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News >  Pacific NW

In-person school for young Seattle kids won’t begin until ‘at least’ March 8, district says

UPDATED: Tue., Feb. 23, 2021

By Dahlia Bazzaz Seattle Times

Still locked in negotiations with its teachers union, Seattle Public Schools announced Monday that in-person instruction for pre-K through first-graders and some students with disabilities won’t begin until “at least” March 8. That’s a week after the March 1 start date originally announced by the district, Washington state’s largest.

It’s unclear how realistic the new timeline will be. The Seattle Education Association union, which represents 6,000 of the district’s school employees, including teachers, has said from the outset of bargaining that the district’s target date to reopen was not guaranteed. In a Monday statement, SEA said the district had not yet addressed concerns from educators currently working in person who say the district doesn’t have enough necessary personal protective equipment and hasn’t followed safety protocols.

“We understand the desire to get students back to in-person learning – many of us are parents of SPS students too and as educators we miss seeing our students in person,” the statement said. “SEA’s bargaining team is working tirelessly to reach an agreement with SPS as quickly as we can, but we’re unwilling to cut corners on safety precautions in order to meet arbitrary deadlines.”

“We know that changes like these are difficult for families and students. We are committed to keeping you informed as new information becomes available,” the district said.

Seattle Public Schools officials sought to speed up the process by bringing a mediator into the discussion. But the union officials say they are “making progress” and don’t see a need to bring a mediator to the table.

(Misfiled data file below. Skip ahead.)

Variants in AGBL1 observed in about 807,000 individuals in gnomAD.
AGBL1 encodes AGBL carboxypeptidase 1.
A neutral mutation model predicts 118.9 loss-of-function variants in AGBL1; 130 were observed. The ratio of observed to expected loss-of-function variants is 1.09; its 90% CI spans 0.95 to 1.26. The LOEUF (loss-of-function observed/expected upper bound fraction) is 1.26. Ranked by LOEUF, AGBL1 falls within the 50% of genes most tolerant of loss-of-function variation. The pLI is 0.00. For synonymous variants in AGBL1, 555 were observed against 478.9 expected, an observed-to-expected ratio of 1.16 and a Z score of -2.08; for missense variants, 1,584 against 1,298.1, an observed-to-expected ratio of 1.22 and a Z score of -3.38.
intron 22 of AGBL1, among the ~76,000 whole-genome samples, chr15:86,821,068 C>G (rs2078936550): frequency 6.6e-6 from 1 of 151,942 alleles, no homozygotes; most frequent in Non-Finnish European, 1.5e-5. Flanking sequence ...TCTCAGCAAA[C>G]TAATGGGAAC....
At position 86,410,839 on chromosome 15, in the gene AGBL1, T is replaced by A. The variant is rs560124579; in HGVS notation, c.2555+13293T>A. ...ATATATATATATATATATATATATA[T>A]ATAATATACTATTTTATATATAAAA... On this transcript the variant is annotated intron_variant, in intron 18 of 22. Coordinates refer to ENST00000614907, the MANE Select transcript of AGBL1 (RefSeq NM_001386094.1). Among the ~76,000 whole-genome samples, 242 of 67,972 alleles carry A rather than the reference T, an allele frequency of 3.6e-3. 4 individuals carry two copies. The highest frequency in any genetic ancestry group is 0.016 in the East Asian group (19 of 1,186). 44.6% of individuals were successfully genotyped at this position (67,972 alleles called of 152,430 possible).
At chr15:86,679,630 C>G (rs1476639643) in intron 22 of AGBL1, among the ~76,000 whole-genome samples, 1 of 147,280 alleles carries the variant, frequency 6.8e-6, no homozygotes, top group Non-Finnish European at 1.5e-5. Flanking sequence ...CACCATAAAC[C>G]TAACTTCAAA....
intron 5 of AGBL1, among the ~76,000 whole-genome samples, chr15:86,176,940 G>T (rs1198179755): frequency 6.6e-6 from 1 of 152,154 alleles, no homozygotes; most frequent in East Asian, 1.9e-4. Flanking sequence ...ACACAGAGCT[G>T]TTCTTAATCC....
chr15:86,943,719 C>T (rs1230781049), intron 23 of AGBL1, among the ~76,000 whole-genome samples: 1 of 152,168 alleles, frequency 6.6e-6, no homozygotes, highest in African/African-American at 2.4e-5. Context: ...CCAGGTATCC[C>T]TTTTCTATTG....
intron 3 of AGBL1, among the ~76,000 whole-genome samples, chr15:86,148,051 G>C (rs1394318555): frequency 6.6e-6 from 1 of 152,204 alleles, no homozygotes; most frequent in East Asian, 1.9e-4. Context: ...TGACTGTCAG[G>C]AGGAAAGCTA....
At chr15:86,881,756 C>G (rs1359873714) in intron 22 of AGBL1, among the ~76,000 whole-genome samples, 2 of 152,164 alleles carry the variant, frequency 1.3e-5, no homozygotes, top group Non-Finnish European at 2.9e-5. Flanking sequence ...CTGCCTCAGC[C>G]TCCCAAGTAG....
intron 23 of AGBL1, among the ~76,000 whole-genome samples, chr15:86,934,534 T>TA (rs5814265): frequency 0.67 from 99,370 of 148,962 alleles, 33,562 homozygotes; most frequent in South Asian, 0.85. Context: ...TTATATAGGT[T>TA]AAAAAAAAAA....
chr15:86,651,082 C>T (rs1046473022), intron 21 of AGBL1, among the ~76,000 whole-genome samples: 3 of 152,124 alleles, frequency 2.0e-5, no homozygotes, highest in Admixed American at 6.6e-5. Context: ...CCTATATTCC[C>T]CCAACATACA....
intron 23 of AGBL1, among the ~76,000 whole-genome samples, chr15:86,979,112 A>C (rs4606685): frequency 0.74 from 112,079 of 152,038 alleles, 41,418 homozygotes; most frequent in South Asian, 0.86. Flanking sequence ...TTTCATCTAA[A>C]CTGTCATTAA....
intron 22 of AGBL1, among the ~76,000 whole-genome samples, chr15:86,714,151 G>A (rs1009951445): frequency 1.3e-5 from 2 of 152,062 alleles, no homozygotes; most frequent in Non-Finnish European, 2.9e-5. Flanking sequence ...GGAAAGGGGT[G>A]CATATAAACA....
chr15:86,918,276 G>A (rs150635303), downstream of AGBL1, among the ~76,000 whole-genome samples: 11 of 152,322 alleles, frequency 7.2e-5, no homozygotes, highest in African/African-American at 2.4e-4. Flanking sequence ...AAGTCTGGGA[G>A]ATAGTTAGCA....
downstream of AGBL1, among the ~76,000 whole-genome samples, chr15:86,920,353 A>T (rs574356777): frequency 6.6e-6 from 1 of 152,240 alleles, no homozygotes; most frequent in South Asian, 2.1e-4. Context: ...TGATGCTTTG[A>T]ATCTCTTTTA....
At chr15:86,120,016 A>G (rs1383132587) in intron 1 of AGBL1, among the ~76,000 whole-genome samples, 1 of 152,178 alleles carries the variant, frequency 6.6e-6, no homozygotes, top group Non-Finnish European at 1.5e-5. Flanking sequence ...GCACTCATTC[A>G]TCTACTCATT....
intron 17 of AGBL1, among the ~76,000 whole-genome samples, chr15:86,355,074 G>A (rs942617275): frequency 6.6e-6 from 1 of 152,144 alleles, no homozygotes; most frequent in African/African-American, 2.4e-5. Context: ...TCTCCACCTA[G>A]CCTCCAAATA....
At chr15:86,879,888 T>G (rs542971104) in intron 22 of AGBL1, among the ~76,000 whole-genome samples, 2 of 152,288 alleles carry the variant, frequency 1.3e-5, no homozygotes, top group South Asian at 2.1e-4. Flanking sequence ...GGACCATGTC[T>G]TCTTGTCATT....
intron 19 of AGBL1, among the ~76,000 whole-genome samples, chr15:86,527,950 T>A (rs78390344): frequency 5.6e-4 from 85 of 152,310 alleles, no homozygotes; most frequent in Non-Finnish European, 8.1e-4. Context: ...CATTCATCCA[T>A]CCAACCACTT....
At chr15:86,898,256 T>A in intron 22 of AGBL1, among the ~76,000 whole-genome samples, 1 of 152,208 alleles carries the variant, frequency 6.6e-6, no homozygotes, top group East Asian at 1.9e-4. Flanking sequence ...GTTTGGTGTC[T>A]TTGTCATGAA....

The district’s reopening plan would bring pre-K through first-grade students back in person for two days a week, and students with disabilities four days a week. There would be 15 or fewer students per classroom.

The union has asked for specific language outlining safety measures. It wants contact tracing and flexible work accommodations, such as a remote-work option for teachers who haven’t been vaccinated, and access to rapid testing for the virus every week.

A January survey of about half of SEA’s members shows 62% would be unwilling to return to the classroom until “educators have the option to be fully vaccinated.” Thirty-seven percent of those who took the survey do not believe a return to in-person instruction should happen this spring, regardless of the vaccine.

The district is among the last school districts in the state and country to reopen to a broader set of students. According to a state survey, the district served 144 students in person during the week of Feb. 8, the most recent data available. The Bellevue School District, which recently opened its doors to young elementary school students after a public battle with its teachers union, served more than 14 times that number. The Kennewick School District in southeast Washington served more than 16,000.

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